[Discussion] Role(s) of the Ubuntu Community

“Other than free tech support, what else should it [the Ubuntu community] be doing?”

There is a group of Canonical employees who meet each week to discuss and implement plans to be better members of the Community. Recently, we asked a small group of active contributors about their priorities for the community in the near future and long term.

As expected, there were comments about the Wiki, improving documentation in general, and having better incentives and recognition for contributors. The statement above really made us pause, and we think it’s one only the community can answer.

While we know the tech support the Ubuntu community provides is invaluable, and one of the major reasons new Linux users choose Ubuntu, we know this isn’t the community’s only role. So, what do you think the community is doing now? What do you want it to do in the future? We’re excited to learn what everyone thinks and to start this important conversation!


In May I got an email from a Canonical employee & Ubuntu community member

I’ve seen you commenting on some … bug reports. Would you like to learn how to better triage them?

That was unexpected, and greatly appreciated.

The reaching out & touching both made me & my efforts feel appreciated, and allowed me to hopefully improve my own efforts (at bug triage, at least on that type). :slight_smile:


“Community” has two definitions: Folks who share a common characteristic (like Ubuntu), and a feeling of fellowship as a result of sharing common interests/goals (like Ubuntu).

I think we already try to capture both of those.

My perspective is that the Ubuntu community provides three basic functions:

  1. Provides a sense of fellowship and enthusiasm to users and contributors.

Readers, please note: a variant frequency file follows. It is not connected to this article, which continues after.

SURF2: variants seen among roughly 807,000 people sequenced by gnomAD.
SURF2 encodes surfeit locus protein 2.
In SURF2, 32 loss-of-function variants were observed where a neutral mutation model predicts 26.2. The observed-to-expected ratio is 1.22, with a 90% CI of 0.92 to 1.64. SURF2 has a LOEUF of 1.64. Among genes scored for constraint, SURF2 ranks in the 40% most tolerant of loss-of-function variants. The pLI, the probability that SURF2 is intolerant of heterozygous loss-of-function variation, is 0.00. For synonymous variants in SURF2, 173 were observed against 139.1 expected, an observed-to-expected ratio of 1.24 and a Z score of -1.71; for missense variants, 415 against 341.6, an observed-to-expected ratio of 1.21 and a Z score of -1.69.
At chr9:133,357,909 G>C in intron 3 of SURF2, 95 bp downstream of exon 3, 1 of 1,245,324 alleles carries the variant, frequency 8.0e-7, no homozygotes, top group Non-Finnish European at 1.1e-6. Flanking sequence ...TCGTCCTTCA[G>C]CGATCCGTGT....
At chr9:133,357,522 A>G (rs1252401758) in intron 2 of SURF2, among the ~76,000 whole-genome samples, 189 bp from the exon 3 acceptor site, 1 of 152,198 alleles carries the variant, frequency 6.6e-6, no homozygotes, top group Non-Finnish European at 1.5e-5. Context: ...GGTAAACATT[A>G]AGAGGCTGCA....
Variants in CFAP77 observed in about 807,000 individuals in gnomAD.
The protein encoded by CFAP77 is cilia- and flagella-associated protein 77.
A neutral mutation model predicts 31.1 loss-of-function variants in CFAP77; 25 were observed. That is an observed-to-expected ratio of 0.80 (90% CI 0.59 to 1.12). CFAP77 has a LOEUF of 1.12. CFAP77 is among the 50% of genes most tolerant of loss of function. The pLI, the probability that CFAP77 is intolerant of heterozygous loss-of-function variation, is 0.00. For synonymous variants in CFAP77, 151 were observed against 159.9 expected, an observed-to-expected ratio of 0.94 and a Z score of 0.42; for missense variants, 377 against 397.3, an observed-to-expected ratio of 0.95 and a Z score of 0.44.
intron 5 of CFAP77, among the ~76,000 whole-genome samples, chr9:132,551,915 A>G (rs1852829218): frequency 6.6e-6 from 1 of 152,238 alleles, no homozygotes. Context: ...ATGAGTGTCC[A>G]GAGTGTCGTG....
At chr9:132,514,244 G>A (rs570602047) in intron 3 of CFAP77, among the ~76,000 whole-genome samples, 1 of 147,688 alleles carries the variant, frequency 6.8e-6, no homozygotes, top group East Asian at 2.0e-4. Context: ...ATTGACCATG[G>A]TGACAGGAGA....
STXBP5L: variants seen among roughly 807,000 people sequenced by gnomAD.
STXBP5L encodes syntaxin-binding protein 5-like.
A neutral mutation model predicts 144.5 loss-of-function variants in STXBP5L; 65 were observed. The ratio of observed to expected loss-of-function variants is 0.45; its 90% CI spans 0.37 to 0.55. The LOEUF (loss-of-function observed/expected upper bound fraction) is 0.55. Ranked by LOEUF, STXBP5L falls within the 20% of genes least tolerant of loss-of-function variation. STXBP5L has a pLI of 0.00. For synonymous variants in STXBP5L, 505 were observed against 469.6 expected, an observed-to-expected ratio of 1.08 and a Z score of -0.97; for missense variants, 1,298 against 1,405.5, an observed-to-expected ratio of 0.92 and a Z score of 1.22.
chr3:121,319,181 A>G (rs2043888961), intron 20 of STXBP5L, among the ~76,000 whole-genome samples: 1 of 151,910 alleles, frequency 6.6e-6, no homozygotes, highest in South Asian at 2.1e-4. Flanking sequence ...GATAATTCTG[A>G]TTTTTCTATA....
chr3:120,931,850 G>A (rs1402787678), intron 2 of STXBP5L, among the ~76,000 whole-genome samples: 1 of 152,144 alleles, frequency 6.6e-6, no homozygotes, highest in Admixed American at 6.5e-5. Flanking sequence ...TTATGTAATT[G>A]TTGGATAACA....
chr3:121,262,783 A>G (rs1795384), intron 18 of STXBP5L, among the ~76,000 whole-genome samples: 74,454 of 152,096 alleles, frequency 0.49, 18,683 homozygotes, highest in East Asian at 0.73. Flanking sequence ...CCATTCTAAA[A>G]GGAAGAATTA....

2. Is the starting point for direct contribution to Ubuntu: Support, remixes, testing, bug triage, documentation, etc.
  3. Is the starting point for more complex learning (How Ubuntu Works, How Free Software Works, How Debian Works, How Snaps Work), skill development, and contributions to upstreams and the wider Free Software ecosystem (Debian, MATE, Snapcraft, etc).

In the future, I think the community can improve all three functions.

Example: I think we can re-grow Ubucon and similar regional events after the Pandemic subsides, and build enthusiasm. It would be nice to see some folks in-person.

Example: I think the community can improve recruiting new volunteers onto projects that need them. (Gosh, what projects don’t need more hands?) We have tried a few different methods in the past, but none have really worked as well as I would like.

Example: I think that the community can do much, much more with non-technical volunteers. I was once in a club run by a nice person who knew almost nothing about the subject, but everything about running a great club. Best club ever. The most fun events. Meetings were productive. Fundraising was magically easy. We were enthusiastic about the subject. Everyone felt welcome. Just great.


That question implies there is a limit. But is there?